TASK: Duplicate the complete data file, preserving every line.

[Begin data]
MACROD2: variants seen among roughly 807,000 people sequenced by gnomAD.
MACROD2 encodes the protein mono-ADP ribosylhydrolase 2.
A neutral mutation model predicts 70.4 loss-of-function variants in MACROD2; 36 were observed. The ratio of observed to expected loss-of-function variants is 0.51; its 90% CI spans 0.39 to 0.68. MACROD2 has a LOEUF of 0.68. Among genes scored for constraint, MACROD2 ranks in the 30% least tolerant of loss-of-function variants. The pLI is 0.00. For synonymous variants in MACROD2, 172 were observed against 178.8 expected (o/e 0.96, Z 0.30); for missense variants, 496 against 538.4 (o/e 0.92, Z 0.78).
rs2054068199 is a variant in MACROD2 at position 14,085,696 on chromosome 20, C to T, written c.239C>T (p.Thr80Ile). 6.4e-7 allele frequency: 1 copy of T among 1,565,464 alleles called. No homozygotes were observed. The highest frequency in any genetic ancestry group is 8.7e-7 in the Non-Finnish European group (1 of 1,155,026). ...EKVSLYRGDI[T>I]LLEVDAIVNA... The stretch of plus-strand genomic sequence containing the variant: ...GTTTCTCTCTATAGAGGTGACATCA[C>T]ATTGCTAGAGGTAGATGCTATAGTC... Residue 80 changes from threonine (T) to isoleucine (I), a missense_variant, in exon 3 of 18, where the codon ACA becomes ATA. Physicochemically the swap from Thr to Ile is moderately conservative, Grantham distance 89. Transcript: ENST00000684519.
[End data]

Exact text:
MACROD2: variants seen among roughly 807,000 people sequenced by gnomAD.
MACROD2 encodes the protein mono-ADP ribosylhydrolase 2.
A neutral mutation model predicts 70.4 loss-of-function variants in MACROD2; 36 were observed. The ratio of observed to expected loss-of-function variants is 0.51; its 90% CI spans 0.39 to 0.68. MACROD2 has a LOEUF of 0.68. Among genes scored for constraint, MACROD2 ranks in the 30% least tolerant of loss-of-function variants. The pLI is 0.00. For synonymous variants in MACROD2, 172 were observed against 178.8 expected (o/e 0.96, Z 0.30); for missense variants, 496 against 538.4 (o/e 0.92, Z 0.78).
rs2054068199 is a variant in MACROD2 at position 14,085,696 on chromosome 20, C to T, written c.239C>T (p.Thr80Ile). 6.4e-7 allele frequency: 1 copy of T among 1,565,464 alleles called. No homozygotes were observed. The highest frequency in any genetic ancestry group is 8.7e-7 in the Non-Finnish European group (1 of 1,155,026). ...EKVSLYRGDI[T>I]LLEVDAIVNA... The stretch of plus-strand genomic sequence containing the variant: ...GTTTCTCTCTATAGAGGTGACATCA[C>T]ATTGCTAGAGGTAGATGCTATAGTC... Residue 80 changes from threonine (T) to isoleucine (I), a missense_variant, in exon 3 of 18, where the codon ACA becomes ATA. Physicochemically the swap from Thr to Ile is moderately conservative, Grantham distance 89. Transcript: ENST00000684519.